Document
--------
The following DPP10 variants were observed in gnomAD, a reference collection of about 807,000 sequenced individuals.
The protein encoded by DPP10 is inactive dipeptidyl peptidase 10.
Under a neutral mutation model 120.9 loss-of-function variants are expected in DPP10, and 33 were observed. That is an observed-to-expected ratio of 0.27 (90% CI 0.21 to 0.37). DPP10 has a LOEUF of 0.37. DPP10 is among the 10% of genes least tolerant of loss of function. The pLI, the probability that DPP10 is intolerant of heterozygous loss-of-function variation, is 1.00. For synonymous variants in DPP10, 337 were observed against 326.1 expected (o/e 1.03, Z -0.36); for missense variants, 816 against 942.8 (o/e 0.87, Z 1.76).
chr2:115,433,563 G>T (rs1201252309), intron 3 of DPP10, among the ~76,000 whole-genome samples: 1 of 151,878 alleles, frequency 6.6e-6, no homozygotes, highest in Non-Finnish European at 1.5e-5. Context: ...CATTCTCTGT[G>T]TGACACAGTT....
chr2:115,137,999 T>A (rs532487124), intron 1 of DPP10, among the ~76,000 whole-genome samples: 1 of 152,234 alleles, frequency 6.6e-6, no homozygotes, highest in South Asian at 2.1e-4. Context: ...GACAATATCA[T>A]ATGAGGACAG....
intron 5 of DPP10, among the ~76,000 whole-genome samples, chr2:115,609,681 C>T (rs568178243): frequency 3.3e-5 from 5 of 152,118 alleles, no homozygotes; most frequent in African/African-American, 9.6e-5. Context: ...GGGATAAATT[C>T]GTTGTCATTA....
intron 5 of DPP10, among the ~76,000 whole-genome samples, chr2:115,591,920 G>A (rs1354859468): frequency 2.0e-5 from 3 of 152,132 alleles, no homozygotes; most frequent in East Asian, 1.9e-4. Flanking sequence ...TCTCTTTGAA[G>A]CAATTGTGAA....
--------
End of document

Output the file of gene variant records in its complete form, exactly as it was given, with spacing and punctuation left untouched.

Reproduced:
The following DPP10 variants were observed in gnomAD, a reference collection of about 807,000 sequenced individuals.
The protein encoded by DPP10 is inactive dipeptidyl peptidase 10.
Under a neutral mutation model 120.9 loss-of-function variants are expected in DPP10, and 33 were observed. That is an observed-to-expected ratio of 0.27 (90% CI 0.21 to 0.37). DPP10 has a LOEUF of 0.37. DPP10 is among the 10% of genes least tolerant of loss of function. The pLI, the probability that DPP10 is intolerant of heterozygous loss-of-function variation, is 1.00. For synonymous variants in DPP10, 337 were observed against 326.1 expected (o/e 1.03, Z -0.36); for missense variants, 816 against 942.8 (o/e 0.87, Z 1.76).
chr2:115,433,563 G>T (rs1201252309), intron 3 of DPP10, among the ~76,000 whole-genome samples: 1 of 151,878 alleles, frequency 6.6e-6, no homozygotes, highest in Non-Finnish European at 1.5e-5. Context: ...CATTCTCTGT[G>T]TGACACAGTT....
chr2:115,137,999 T>A (rs532487124), intron 1 of DPP10, among the ~76,000 whole-genome samples: 1 of 152,234 alleles, frequency 6.6e-6, no homozygotes, highest in South Asian at 2.1e-4. Context: ...GACAATATCA[T>A]ATGAGGACAG....
intron 5 of DPP10, among the ~76,000 whole-genome samples, chr2:115,609,681 C>T (rs568178243): frequency 3.3e-5 from 5 of 152,118 alleles, no homozygotes; most frequent in African/African-American, 9.6e-5. Context: ...GGGATAAATT[C>T]GTTGTCATTA....
intron 5 of DPP10, among the ~76,000 whole-genome samples, chr2:115,591,920 G>A (rs1354859468): frequency 2.0e-5 from 3 of 152,132 alleles, no homozygotes; most frequent in East Asian, 1.9e-4. Flanking sequence ...TCTCTTTGAA[G>A]CAATTGTGAA....